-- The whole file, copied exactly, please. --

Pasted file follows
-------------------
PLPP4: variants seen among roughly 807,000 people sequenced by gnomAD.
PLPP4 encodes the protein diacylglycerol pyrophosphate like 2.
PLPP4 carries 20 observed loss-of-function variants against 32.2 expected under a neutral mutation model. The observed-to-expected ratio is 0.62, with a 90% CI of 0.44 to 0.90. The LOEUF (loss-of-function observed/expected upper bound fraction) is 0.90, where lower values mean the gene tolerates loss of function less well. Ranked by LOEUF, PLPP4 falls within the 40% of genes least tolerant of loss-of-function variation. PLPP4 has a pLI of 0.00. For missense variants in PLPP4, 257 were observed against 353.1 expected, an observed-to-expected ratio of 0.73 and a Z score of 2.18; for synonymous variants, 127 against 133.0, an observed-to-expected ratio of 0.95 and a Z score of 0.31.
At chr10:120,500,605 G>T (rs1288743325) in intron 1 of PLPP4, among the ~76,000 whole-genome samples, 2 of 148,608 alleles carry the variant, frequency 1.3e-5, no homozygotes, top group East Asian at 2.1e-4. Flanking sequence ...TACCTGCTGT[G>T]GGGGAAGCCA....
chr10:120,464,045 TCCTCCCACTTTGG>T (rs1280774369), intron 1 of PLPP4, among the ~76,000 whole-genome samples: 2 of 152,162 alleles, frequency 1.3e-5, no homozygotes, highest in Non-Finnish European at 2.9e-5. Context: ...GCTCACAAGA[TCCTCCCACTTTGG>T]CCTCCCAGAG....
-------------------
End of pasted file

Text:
PLPP4: variants seen among roughly 807,000 people sequenced by gnomAD.
PLPP4 encodes the protein diacylglycerol pyrophosphate like 2.
PLPP4 carries 20 observed loss-of-function variants against 32.2 expected under a neutral mutation model. The observed-to-expected ratio is 0.62, with a 90% CI of 0.44 to 0.90. The LOEUF (loss-of-function observed/expected upper bound fraction) is 0.90, where lower values mean the gene tolerates loss of function less well. Ranked by LOEUF, PLPP4 falls within the 40% of genes least tolerant of loss-of-function variation. PLPP4 has a pLI of 0.00. For missense variants in PLPP4, 257 were observed against 353.1 expected, an observed-to-expected ratio of 0.73 and a Z score of 2.18; for synonymous variants, 127 against 133.0, an observed-to-expected ratio of 0.95 and a Z score of 0.31.
At chr10:120,500,605 G>T (rs1288743325) in intron 1 of PLPP4, among the ~76,000 whole-genome samples, 2 of 148,608 alleles carry the variant, frequency 1.3e-5, no homozygotes, top group East Asian at 2.1e-4. Flanking sequence ...TACCTGCTGT[G>T]GGGGAAGCCA....
chr10:120,464,045 TCCTCCCACTTTGG>T (rs1280774369), intron 1 of PLPP4, among the ~76,000 whole-genome samples: 2 of 152,162 alleles, frequency 1.3e-5, no homozygotes, highest in Non-Finnish European at 2.9e-5. Context: ...GCTCACAAGA[TCCTCCCACTTTGG>T]CCTCCCAGAG....